Poker as an Olympic Sport
The International Federation of Poker will be accepted into the International Mind Sports Association in April. This means that poker will join a list of games including Chess, Bridge, and Go as an official game of skill, according to Bluff Magazine Europe. The International Olympic Committee (IOC) recognizes the International Mind Sports Association (IMSA), meaning poker will be considered an official game of skill for the Olympics
This development may not mean that we’ll be seeing poker in the Olympics in the near future, but it is certainly a first step in the right direction. Acceptance into the IMSA and recognition from the IOC gives poker another strong argument in court. The nature of online gambling might be in question, but courts have been pretty lenient in allowing games of skill. Will this IOC distinction assist in the efforts to legalize online poker in the United States?
“I am encouraged that the IOC has recognized what we poker players have always known. Poker is an honorable game of skill,” commented Rich Muny, a board member for the Poker Players Alliance (PPA). “Many states have already legally codified recognition of the fact that competitions based on skill are different from wagering on dice or other events based on chance. I believe this decision will encourage more states to recognize this distinction legally.”
Anthony Holden, author of such poker books as “Big Deal” and “Bigger Deal: A Year Inside the Poker Boom,” is the current head of the International Federation of Poker. He told Bluff Europe, “Poker is not like other casino games. It’s a social game where people are playing against each other, not the house, and a game where skill plays a bigger role than luck. There are 120 to 150 million poker players in the world and we deserve this recognition.”
Poker is the only card game to be accepted by the IMSA besides Bridge. This organization is a non-profit association and has over 400 national entities and close to 100 million players within its jurisdiction. As listed on the IMSA website, current headquarters are located in Lausanne, Switzerland and Paris, France.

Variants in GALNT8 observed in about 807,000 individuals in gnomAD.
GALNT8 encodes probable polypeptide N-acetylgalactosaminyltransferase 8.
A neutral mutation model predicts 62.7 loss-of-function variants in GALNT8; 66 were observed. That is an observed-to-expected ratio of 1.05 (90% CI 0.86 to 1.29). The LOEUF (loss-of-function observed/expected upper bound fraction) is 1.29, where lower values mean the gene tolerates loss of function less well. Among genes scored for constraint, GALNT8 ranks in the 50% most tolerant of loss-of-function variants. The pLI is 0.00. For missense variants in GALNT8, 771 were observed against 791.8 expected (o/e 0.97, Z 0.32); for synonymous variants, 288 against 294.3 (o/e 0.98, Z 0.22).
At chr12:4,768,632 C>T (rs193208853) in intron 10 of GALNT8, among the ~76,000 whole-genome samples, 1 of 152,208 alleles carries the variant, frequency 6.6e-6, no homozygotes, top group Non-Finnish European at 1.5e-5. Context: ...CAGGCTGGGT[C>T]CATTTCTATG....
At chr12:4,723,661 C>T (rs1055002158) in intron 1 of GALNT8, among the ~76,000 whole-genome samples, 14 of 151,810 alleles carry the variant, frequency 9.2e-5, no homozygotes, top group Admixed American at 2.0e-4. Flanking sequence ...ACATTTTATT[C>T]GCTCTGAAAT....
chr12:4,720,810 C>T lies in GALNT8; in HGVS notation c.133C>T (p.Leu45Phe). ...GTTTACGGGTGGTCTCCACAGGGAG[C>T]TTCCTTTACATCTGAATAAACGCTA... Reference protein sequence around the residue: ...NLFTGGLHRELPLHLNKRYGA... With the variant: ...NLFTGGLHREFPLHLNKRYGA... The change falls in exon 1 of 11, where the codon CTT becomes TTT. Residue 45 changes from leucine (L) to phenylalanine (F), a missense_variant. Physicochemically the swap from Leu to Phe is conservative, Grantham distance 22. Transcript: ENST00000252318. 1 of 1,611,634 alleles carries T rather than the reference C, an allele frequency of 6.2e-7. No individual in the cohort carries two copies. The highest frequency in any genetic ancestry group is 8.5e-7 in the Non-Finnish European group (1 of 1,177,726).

The IMSA held its first “IMSA Cup” competition back in 2008 in Russia. The final day of that event was dedicated to friendly matches between masters of mind games and honorary guests of the competition, mainly diplomats.
Given that mind games are recognized as games of skill by the IOC, could poker ever make it into the Olympics? While that remains to be seen, many poker sites including PokerStars have competitions like the World Cup of Poker, which matches players from various countries against each other.
Team PokerStars USA includes players such as Chris Moneymaker, Vanessa Rousso, Greg Raymer, Joe Cada, Barry Greenstein, Chad Brown, Gavin Griffin, Dennis Phillips, Tom McEvoy, Hevad Khan, Victor Ramdin, and Jason Mercier. Popular online player Randy “nanonoko” Lew also hails from the United States. Full Tilt Pros hailing from the United States include Howard Lederer, Phil Ivey, Chris Ferguson, Mike Matusow, and Allen Cunningham. Full Tilt Poker also boasts a well known online prodigy of its own in Tom “durrrr” Dwan.
While we know the United States would field a dream team of poker players, there are plenty of other countries that would challenge for the gold medal. Canada, which just hosted the Winter Olympics in Vancouver, would have Daniel Negreanu along with players like Darus Suharto and Wade Ackerman leading the charge. The United Kingdom would have players like Vicky Coren, David “Devilfish” Ulliott, Roland De Wolfe, and James Akenhead at the helm. Australia would have Joe and Tony Hachem, Grant Levy, Eric Assadourian, as well as Billy “The Croc” Argyros representing their homeland.
The IOC has outlined that a game or sport must be practiced by men in at least 75 countries and on four continents and by women in at least 40 countries and on three continents in order to be recognized. Although we can all agree that poker is not a traditional sport that requires physical skill and toughness like pole vaulting and Greco-Roman wrestling, there might be a place for games of skill at the Olympics. Is it really out of the question to think of a “total package” decathlon that would combine physical and mental sports?
Think about a physical and mental event where participants would have to do their best in running, swimming, jumping, throwing, and then competing in mental games such as chess, poker, and bridge. It’s not too far-fetched to pitch that idea to an Olympic committee or get it aired on the likes of ESPN2 with a celebrity cast.
While we dream of Raymer competing against former Navy SEAL Dan Blizerian in a swimming race before heading to a poker tournament, having poker accepted as an official game of skill by the IMSA and the IOC is already a huge step in the right direction for the industry.
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